Recruitment of men for the armed services was, at this stage, voluntary. On 8 September plans were announced for a special force of men prepared to serve in any part of the world. ‘Recruiting for the first batch of 6600 men began on 12 September, and within a week almost 12,000 men had volunteered.’3
The only interference with voluntary enlistment was the use of the list of reserved occupations which had been compiled by the Manpower Committee before the war. This list was supplied to recruiting officers, with the intention that men engaged in these reserved occupations should not be accepted for the armed forces.
In the early stages, withdrawal of men for military service did not require other than voluntary measures of adjustment in civilian employment. Men could be replaced without too much difficulty. Unemployed persons were taken back into production, some less urgent work was cut out, and more overtime was worked. Women were used to an increasing extent in industry.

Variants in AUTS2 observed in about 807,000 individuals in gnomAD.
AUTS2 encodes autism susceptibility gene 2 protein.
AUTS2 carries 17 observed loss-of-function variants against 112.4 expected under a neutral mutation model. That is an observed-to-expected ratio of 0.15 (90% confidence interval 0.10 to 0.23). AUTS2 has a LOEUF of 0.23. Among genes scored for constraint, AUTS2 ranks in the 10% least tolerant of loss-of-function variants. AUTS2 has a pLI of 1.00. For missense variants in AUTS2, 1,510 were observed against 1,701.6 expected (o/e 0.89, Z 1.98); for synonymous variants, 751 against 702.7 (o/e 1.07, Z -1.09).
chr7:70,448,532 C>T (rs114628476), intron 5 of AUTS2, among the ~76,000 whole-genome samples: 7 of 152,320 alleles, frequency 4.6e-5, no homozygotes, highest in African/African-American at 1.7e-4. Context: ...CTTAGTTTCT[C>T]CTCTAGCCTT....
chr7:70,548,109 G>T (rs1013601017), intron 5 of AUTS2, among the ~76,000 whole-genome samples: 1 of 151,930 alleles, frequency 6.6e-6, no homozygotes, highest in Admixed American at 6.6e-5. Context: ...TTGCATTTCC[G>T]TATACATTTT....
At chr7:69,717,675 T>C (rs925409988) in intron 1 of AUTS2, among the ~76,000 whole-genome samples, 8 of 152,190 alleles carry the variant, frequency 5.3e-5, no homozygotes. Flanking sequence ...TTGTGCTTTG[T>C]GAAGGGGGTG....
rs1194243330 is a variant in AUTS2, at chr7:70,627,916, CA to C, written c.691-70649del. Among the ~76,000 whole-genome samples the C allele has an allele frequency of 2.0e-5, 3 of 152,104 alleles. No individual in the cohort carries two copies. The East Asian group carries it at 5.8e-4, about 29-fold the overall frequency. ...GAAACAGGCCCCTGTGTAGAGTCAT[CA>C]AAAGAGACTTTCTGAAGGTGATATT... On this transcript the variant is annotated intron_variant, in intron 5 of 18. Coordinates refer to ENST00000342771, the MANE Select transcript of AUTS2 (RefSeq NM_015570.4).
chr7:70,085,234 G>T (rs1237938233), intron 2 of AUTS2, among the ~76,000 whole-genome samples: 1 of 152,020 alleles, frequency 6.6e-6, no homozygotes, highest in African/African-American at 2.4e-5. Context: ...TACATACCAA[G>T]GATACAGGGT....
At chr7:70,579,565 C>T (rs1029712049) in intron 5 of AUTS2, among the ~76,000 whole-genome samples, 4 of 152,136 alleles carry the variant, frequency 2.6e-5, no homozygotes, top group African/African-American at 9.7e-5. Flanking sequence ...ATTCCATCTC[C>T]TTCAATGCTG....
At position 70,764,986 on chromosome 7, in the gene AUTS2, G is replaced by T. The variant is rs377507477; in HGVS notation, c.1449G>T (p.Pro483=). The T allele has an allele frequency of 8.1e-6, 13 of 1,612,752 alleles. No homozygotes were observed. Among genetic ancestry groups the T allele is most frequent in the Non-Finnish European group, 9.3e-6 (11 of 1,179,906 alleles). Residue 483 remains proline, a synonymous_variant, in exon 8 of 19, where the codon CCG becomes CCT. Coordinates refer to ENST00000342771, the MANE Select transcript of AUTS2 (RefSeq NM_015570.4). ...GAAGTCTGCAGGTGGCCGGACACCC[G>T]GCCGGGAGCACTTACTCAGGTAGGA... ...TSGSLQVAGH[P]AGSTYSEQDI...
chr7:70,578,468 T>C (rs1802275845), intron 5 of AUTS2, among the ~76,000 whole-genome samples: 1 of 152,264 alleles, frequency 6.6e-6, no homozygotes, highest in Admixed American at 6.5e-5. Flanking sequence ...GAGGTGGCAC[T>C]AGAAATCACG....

While unemployed labour and other unused resources were available, the need for extra output for war purposes could be met largely by drawing them into production. There was, as yet, no call for any serious sacrifice of civilian consumption to make extra resources available for war purposes, and no need for the Government to be too restrictive about the use of labour for civilian production.
The process of voluntary adjustments continued throughout the first two years of the war, but by the end of 1941 the cumulative withdrawal of some 30 per cent of the total male working population had exhausted unused labour reserves. It was becoming increasingly difficult to replace men recruited for the armed services or to divert further manpower and resources to war production.page 57
3 Wood, p. 98.